AS Malaysia’s Permanent Representative to the United Nations Tan Sri Hasmy Agam prepared to leave for home recently after his posting of six-and-a-half years, he could not help but feel disappointed.
Not that he was unhappy about going home after being away for so long but it was at a critical time for the UN: its relevance was being challenged by the United States and the Security Council was split over the question of disarming Iraq of weapons of mass destruction.
“These are uncertain times; it reminds me of the time I was leaving New York for my posting in Paris (1989-90),” said Hasmy, who was retiring after 38 years as a career diplomat.
“We were in the Security Council then and I was about to leave when (then) ambassador Tan Sri Razali (Ismail) asked me to stay on and help him. We had the second presidency of the council in July.
“I made arrangements to leave later on Aug 3. On the morning of Aug 2, my wife said we might not be able to leave because Saddam Hussein had invaded Kuwait.”
But Razali did not hold Hasmy back.
Months later, with Security Council sanction, the allies counter invaded. Hasmy watched events unfold on French television in Paris.
“My French wasn’t good at that time and as I watched TV, I listened to the BBC for the commentary. I felt like a bystander.
“In the four months (August to November) Malaysia was in the Security Council, all the things that could happen did happen – emergency meetings, consultations, resolution upon resolution – and there I was in Paris.
“This is the second time I’m leaving New York, and again war is looming (in the Gulf),” he said.
Hasmy may be retiring from the diplomatic service at the end of this month but he will not be idle. He has been “enlisted” to serve at the newly set-up section in Wisma Putra handling matters related to the Non-Aligned Movement (NAM) of which Malaysia is chairman for the next three years.
Hasmy joined the foreign service in 1968 after graduating with a Bachelor of Arts in English Literature. He went on to obtain an MA in International Relations at the Fletcher School of Law and Diplomacy, Tufts University in Medford, Massachusetts.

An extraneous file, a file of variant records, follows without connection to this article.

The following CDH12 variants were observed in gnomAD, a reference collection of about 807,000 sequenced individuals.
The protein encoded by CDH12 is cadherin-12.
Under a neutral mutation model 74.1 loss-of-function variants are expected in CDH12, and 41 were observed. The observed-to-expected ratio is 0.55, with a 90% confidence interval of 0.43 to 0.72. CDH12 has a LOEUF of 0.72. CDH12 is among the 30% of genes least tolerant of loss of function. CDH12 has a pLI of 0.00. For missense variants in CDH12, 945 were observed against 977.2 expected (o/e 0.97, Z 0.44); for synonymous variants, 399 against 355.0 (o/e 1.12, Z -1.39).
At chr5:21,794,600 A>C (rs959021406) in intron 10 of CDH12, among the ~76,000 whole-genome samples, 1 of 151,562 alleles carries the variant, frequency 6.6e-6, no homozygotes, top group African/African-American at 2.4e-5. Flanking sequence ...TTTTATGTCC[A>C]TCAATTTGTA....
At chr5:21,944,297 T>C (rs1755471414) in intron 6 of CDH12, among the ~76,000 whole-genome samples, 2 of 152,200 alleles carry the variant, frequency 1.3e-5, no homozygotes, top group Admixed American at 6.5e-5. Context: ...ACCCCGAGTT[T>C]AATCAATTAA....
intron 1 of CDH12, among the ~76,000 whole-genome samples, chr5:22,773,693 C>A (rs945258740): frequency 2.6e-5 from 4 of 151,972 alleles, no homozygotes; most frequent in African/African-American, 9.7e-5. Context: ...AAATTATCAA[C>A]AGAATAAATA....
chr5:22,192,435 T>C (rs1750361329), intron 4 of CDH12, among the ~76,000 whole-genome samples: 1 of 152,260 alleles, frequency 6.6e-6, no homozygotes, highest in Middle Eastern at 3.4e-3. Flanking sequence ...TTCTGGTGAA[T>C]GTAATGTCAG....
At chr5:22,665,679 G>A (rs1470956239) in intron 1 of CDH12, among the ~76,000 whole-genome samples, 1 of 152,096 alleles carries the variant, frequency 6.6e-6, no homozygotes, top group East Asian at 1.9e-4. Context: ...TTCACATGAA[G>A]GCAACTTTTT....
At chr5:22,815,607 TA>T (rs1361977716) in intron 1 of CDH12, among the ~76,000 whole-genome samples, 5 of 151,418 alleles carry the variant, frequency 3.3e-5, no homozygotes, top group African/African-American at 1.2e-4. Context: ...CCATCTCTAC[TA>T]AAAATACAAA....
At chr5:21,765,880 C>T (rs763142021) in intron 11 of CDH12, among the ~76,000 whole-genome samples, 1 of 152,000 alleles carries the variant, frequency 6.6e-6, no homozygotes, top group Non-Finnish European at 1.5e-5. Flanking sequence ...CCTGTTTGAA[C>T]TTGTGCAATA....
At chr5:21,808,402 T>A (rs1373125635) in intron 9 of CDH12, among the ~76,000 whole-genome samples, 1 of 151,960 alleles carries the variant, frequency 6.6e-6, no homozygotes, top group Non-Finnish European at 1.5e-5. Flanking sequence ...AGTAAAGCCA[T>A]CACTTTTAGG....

It is his wide experience in international diplomacy and network of contacts around the world that sees him still working for the government when people his age want to take things easy.
“My career has taken me all over the world – even to Antarctica – yet I haven’t seen much of my own country,” said the former Malacca High School student.
Hasmy served in diplomatic missions in Saigon, Washington, Hanoi, and London, among others.
He was Under-Secretary for South-East Asia and then for Policy Planning, Head of the Centre for International Relations and Diplomacy at the National Institute of Public Administration; director-general of the ministry’s Asean Division and deputy secretary-general for International Organization Affairs.
He served as Ambassador to Libya with concurrent accreditation to Malta (1986-89) and Ambassador to France (1990-93) with concurrent accreditation to Portugal.
In New York, he served as Alternate Permanent Representative at the Malaysian Mission (1989-90) and again in the same capacity from 1996 to 1998. He was appointed Permanent Representative in April of 1998.
Hasmy served twice as President of the UN Security Council in July 2000 and August 2001.
Two issues that Hasmy feels passionately about, and which the international community has not been successful in dealing with, are the plight of the Palestinians and the sanctions on the Iraqi people.
The pressing Palestinian issue appears to be on the back-burner now as Iraq grabs the limelight.
Hasmy tells of the council's inability to remove sanctions against Iraq.
“Our efforts were stratified and we could not move. The best we could come up with was the oil-for-food programme, the easing of some restrictions on haj flights and the import of goods.